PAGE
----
NUTRITIVE VALUE AND ENZYME SUPPLEMENTATION OF SORGHUM BREWER’S WASTE IN BROILER DIETS

ABSTRACT
Two experiments were conducted to evaluate the nutritive value and enzyme supplementation of sorghum brewer‟s waste (SBW) in broiler diets. In Experiment I, 225 one-week old broiler chickens with an average initial live weight of 73g were fed diets containing graded levels of SBW. There were five dietary treatments for both starter and finisher phases. The treatments were replicated three times with fifteen birds per replicate and a total of forty five birds per treatment in a completely randomized design. Treatments 1, 2, 3, 4 and 5 contained 0, 10, 20, 30 and 40% SBW, respectively. Results showed that at the starter phase, there were no significant differences (P > 0.05) among the treatments up to 40% SBW while the finisher birds performed better in terms of final weight and weight gain up to 30% level of inclusion. Digestibility of crude protein and crude fibre were better up to 20% and were similar to those fed 30% inclusion of SBW. Dietary treatments had significant (P < 0.05) effect on live weight, dressing percentage, breast, thigh, back, gizzard, liver, intestinal length and intestinal weight. At 40% level of SBW, thigh, back, gizzard, liver, intestinal length and intestinal weight were highest. In Experiment II, 225 one-week old broilers with an average initial live weight of 80g were used to evaluate the effect of Rovabio® enzyme supplementation at 0.01% on the performance, carcass characteristics and digestibility of nutrients by broilers fed diets containing 0, 30, 35, 40 and 45% SBW in Treatments 1, 2, 3, 4 and 5, respectively. Design and management of experimental birds were same as described in Experiment I. Results obtained at the starter phase showed that Rovabio® enzyme supplementation significantly (P < 0.05) affected feed intake and feed cost per kilogram gain. Average feed intake was highest in birds fed 40% and similar to those fed 45% SBW plus enzyme, respectively while Feed cost per kilogram gain was lowered in birds fed 35 and 45% SBW. At the finisher phase, enzyme supplementation significantly (P < 0.05) affected feed intake, feed conversion ratio and feed cost per kilogram gain. Average feed intake was highest up to 30% and similar to those fed 35% SBW. Feed conversion ratio was best with birds fed 40 and 45% SBW and significantly (P < 0.05) lower than birds on the control diet. Dietary treatments had no effect on the final weight, weight gain and mortality rate of the birds. Birds on 35% SBW plus enzyme had highest digestibility in terms of crude protein and crude fibre and similar to those on 40%. Digestibility of ash was highest in birds fed the control diet and similar to those fed up to 40%. Significant (P < 0.05) differences were observed on the carcass parameters measured except for the live weight, dressing%, drumstick, heart, spleen, intestinal weight and length. The results from these studies suggested that Sorghum Brewer‟s Waste can be economically fed to broilers up to 33.33% as obtained using a regression analysis with the feed cost/kg gain at the finisher phase as the parameter used without inclusion of exogenous enzymes. However, the use of Rovabio® enzyme enhanced the performance of birds up to 45% inclusion level in terms of feed cost per kilogram gain.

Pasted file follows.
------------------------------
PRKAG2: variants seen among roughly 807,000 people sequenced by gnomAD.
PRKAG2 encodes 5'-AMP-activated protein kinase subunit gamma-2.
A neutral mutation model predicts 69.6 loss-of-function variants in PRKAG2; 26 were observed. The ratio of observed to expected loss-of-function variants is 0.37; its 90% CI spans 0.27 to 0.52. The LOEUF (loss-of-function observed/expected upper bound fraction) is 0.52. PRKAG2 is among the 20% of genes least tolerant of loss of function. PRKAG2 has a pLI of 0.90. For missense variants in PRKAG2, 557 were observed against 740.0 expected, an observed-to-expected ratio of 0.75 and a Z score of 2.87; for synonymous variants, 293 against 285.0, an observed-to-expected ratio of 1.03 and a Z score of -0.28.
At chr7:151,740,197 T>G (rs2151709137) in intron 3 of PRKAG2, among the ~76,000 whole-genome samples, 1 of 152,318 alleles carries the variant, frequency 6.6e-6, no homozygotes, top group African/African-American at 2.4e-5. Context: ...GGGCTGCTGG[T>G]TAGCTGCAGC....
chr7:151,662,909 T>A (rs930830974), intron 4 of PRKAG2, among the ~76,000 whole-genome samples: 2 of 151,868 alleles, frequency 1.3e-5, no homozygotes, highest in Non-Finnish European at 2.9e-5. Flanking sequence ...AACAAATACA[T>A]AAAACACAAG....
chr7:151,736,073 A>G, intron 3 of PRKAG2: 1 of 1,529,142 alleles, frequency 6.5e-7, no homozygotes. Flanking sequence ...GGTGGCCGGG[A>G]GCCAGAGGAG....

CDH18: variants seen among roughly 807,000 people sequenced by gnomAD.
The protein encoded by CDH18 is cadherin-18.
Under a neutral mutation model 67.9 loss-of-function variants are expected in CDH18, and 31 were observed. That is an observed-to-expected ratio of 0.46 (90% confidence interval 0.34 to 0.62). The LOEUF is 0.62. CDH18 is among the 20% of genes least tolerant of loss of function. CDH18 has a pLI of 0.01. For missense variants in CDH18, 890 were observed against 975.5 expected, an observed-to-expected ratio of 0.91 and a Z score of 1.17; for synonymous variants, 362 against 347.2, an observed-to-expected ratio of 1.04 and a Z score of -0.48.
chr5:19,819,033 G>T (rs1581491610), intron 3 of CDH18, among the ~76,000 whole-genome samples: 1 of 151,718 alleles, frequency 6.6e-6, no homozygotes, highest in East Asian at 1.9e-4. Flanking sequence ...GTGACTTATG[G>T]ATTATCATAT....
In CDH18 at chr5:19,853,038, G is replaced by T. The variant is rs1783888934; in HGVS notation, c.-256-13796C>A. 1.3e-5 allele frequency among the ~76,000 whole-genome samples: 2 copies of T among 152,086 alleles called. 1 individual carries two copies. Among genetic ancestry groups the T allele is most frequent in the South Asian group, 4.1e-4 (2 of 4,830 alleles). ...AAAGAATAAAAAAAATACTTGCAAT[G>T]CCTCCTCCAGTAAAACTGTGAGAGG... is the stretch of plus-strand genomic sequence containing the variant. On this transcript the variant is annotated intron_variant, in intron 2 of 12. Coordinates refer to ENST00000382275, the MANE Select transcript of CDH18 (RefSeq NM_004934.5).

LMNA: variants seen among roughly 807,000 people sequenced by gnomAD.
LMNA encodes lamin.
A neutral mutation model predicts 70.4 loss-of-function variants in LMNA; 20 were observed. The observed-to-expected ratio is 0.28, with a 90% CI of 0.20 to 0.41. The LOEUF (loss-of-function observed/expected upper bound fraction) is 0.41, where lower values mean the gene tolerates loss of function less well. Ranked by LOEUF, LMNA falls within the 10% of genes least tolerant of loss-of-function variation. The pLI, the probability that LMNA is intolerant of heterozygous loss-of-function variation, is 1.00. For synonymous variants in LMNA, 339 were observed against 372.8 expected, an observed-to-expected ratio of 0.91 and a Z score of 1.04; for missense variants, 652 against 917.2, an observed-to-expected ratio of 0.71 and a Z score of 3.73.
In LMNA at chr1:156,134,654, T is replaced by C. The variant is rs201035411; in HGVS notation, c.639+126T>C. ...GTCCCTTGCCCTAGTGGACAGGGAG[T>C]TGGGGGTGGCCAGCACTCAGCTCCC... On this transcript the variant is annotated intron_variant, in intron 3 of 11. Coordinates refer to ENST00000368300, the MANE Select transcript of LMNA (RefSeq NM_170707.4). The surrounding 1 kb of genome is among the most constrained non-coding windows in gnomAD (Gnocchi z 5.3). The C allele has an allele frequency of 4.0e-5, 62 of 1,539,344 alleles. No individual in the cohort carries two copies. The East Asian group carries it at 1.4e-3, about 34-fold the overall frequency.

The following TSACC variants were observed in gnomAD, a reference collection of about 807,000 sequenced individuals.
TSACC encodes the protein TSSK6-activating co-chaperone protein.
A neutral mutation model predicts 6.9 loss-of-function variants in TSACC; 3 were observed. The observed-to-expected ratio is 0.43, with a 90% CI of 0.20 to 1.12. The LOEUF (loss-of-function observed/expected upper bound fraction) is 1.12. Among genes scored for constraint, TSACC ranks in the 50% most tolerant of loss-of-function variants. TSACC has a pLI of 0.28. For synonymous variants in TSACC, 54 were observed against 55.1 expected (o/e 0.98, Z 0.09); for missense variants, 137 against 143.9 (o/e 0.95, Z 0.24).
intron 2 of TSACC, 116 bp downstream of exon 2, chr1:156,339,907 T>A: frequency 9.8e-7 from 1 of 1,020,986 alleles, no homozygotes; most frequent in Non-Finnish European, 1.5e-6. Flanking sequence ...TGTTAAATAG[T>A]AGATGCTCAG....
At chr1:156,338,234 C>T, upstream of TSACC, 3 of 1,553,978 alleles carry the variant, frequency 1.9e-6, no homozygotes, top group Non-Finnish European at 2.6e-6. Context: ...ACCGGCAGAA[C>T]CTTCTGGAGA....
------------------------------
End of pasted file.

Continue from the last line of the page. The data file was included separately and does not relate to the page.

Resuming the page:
CHAPTER ONE
1.0                                                          INTRODUCTION
The present trend of inflation worldwide has become the source of concern for livestock owners, as such inflationary trend often imposes adverse effects on livestock feeds and hence, on costs of producing livestock and livestock products (Nyannor et al., 2007). Consequently, one of the greatest challenges facing the African continent is the provision of sufficient food to the ever increasing population which is not matched with similar increase in food production (Fasuyi, 2005).